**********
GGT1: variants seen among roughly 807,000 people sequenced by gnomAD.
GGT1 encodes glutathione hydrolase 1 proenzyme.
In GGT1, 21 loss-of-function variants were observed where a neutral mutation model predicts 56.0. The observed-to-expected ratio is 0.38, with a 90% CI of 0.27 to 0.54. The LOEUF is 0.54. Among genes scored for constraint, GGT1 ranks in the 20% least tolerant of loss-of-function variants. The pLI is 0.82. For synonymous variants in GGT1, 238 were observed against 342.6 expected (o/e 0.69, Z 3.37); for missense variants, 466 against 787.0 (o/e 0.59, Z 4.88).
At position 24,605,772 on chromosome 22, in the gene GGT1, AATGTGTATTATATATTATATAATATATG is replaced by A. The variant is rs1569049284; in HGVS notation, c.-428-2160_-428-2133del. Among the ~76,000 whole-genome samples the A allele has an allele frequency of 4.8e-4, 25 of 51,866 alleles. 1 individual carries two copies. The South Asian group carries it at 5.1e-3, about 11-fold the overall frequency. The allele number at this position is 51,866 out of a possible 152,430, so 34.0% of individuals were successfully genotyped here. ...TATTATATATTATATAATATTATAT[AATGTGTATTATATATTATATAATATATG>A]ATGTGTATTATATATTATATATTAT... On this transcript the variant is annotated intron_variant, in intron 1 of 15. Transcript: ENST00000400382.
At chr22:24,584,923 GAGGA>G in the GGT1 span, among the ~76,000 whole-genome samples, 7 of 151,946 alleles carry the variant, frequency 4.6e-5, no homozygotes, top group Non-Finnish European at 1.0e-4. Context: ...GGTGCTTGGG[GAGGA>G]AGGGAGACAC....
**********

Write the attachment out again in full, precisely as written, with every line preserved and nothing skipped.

GGT1: variants seen among roughly 807,000 people sequenced by gnomAD.
GGT1 encodes glutathione hydrolase 1 proenzyme.
In GGT1, 21 loss-of-function variants were observed where a neutral mutation model predicts 56.0. The observed-to-expected ratio is 0.38, with a 90% CI of 0.27 to 0.54. The LOEUF is 0.54. Among genes scored for constraint, GGT1 ranks in the 20% least tolerant of loss-of-function variants. The pLI is 0.82. For synonymous variants in GGT1, 238 were observed against 342.6 expected (o/e 0.69, Z 3.37); for missense variants, 466 against 787.0 (o/e 0.59, Z 4.88).
At position 24,605,772 on chromosome 22, in the gene GGT1, AATGTGTATTATATATTATATAATATATG is replaced by A. The variant is rs1569049284; in HGVS notation, c.-428-2160_-428-2133del. Among the ~76,000 whole-genome samples the A allele has an allele frequency of 4.8e-4, 25 of 51,866 alleles. 1 individual carries two copies. The South Asian group carries it at 5.1e-3, about 11-fold the overall frequency. The allele number at this position is 51,866 out of a possible 152,430, so 34.0% of individuals were successfully genotyped here. ...TATTATATATTATATAATATTATAT[AATGTGTATTATATATTATATAATATATG>A]ATGTGTATTATATATTATATATTAT... On this transcript the variant is annotated intron_variant, in intron 1 of 15. Transcript: ENST00000400382.
At chr22:24,584,923 GAGGA>G in the GGT1 span, among the ~76,000 whole-genome samples, 7 of 151,946 alleles carry the variant, frequency 4.6e-5, no homozygotes, top group Non-Finnish European at 1.0e-4. Context: ...GGTGCTTGGG[GAGGA>G]AGGGAGACAC....